In part one, I discussed some quick study vignettes of the cliff retreat design. For part two, I want to go into more depth about how I used a Material ID render channel to speed up my material selections and generate these illustrations in a relatively short amount of time. This not only streamlines my Photoshop workflow, but also allows me to make quick updates to my Photoshop files later if my design changes. By utilizing Material ID channels and masked groups, I can simply render out a new ID every time I make a change to my design, update the ID layer in my Photoshop file, and then use that new ID to update my masks as needed. Below is a quick explanation of how I do that.
1. TURN ON MATERIAL ID CHANNEL
In this tutorial, I am using V-Ray for Sketchup which automatically generates colors for each texture used in the model. Above is the what the Material ID channel looked like for my view. Most rendering programs like V-Ray offer the ability to create a Material ID channel.
To turn on the Material ID channel, open the V-Ray Option Editor dialogue box, and go to the “VFB Channels” tab. In that tab, find “Material ID” in the Standard Channels list and select it. Now that it is selected, V-Ray will generate this channel when you render the image.
2. SAVE MATERIAL ID CHANNEL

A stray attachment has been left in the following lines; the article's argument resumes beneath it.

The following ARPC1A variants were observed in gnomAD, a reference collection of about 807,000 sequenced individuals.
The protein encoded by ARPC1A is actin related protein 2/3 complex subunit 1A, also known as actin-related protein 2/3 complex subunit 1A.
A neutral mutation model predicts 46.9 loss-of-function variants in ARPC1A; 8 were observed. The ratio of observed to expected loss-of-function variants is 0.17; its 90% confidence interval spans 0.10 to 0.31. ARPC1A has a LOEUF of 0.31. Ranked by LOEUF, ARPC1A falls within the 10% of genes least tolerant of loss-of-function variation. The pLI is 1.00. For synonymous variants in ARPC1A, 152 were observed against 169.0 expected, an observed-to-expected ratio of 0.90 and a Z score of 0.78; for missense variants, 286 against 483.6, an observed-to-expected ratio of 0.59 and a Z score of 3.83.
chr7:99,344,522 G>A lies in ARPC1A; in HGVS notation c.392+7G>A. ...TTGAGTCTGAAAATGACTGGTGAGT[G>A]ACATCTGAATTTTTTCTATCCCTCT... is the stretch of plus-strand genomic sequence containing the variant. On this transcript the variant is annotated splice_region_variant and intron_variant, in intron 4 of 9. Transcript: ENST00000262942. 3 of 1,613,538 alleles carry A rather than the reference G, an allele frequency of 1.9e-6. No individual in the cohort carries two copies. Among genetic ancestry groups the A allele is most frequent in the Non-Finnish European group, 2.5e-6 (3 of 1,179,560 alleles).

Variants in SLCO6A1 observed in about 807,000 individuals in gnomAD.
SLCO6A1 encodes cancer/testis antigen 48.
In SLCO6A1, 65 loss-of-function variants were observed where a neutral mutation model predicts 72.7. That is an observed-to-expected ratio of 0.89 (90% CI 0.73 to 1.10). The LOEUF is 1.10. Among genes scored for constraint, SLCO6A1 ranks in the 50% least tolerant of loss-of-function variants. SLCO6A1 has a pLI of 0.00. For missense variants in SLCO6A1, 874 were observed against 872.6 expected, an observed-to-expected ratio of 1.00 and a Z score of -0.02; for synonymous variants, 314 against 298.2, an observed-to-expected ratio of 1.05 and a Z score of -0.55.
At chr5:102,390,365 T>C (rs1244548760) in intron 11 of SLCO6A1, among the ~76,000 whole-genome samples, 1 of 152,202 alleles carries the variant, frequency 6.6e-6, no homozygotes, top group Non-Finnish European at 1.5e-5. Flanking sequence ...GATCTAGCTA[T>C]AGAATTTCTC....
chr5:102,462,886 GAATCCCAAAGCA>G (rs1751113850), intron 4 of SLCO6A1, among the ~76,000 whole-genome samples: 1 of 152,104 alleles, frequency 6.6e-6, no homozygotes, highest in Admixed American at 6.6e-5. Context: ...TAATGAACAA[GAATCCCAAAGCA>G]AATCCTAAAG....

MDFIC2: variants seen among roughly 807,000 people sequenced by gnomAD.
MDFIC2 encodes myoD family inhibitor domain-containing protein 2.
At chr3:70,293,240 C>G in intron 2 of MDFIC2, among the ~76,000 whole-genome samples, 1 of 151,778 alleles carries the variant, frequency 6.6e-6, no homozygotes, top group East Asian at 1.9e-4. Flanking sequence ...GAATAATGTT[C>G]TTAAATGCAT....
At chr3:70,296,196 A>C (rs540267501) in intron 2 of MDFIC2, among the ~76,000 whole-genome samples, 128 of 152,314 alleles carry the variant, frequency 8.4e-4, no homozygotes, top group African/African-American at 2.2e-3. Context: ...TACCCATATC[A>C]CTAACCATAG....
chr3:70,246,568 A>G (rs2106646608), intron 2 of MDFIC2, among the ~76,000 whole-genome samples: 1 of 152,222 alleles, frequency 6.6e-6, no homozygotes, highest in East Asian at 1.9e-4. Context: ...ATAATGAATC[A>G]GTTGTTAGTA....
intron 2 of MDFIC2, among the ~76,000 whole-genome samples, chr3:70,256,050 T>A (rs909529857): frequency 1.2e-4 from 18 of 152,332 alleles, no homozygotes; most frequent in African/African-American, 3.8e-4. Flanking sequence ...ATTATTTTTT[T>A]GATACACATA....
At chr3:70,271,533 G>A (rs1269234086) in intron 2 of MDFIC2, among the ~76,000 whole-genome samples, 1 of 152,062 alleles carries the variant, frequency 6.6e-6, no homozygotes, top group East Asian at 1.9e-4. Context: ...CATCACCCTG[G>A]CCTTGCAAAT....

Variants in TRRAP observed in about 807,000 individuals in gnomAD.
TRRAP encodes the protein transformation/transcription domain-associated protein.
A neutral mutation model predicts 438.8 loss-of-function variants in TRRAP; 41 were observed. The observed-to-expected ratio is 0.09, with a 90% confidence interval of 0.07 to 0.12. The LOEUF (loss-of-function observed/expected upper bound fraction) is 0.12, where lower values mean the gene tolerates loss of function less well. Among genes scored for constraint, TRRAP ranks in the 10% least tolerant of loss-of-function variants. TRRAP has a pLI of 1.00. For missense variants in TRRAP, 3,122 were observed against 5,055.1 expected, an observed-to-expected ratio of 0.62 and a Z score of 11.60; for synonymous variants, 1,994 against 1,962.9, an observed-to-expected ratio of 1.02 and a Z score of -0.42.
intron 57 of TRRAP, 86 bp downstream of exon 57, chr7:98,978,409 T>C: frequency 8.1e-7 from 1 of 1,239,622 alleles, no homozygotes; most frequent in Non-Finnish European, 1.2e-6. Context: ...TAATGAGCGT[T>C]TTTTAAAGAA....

After rendering the view, you can find the Material ID channel in the upper left side of the frame buffer window in the drop down menu. You can save the image from the frame buffer window but I typically have V-Ray save all of my channels automatically by checking the “Save Output” box in the “Output” tab of the V-Ray Option Editor.
3. BRING IN MATERIAL ID CHANNEL INTO PHOTOSHOP
I like to keep my Material ID layer at the top of the layers palette. This allows me to turn it off and on easily to make selections without any other layers getting in the way.
4. MAKE SELECTION
To make a selection, select and turn on the Material ID Layer. Then, Choose “Select>Color Range”.
When the Color Range dialogue box appears, set the “Fuzziness” slider to somewhere around 50. This may need to be adjusted depending on the color and amount of detail that is being selected. Next, pick the color that you want selected and then choose “OK”.
5. SETUP GROUP AND MASK
I could end this tutorial here since we have completed the task of using the Material ID to make a selection, but I want take it one step further and turn that selection into a mask on a group. This allows me to use one mask for many textures instead of applying the same mask to each individual layer. First, create a new group by clicking the “Create a New Group” icon at the bottom of the layers palette. With the selection from the material ID still active, select the “Create New Mask” icon at the bottom of the layers palette. This will apply a mask to the group just created. For more info using masks, check out this post: Hatch Patterns
I now can drag my grass textures into that group just created and not have to worry about masking each individual grass texture. This is especially useful if I make changes to the railing or wall, I don’t need to update all of the individual grass texture masks. Instead, I only need to update the group mask and all of my grass textures inside will be updated too.
By rendering out the Material ID with each new rendering, I can make selection fast and accurately. By applying masks to groups instead of each individual layer, I maintain a clean and organized Photoshop file with minimal masks. This workflow allows me to easily update my Photoshop files as I continue to design and refine my project.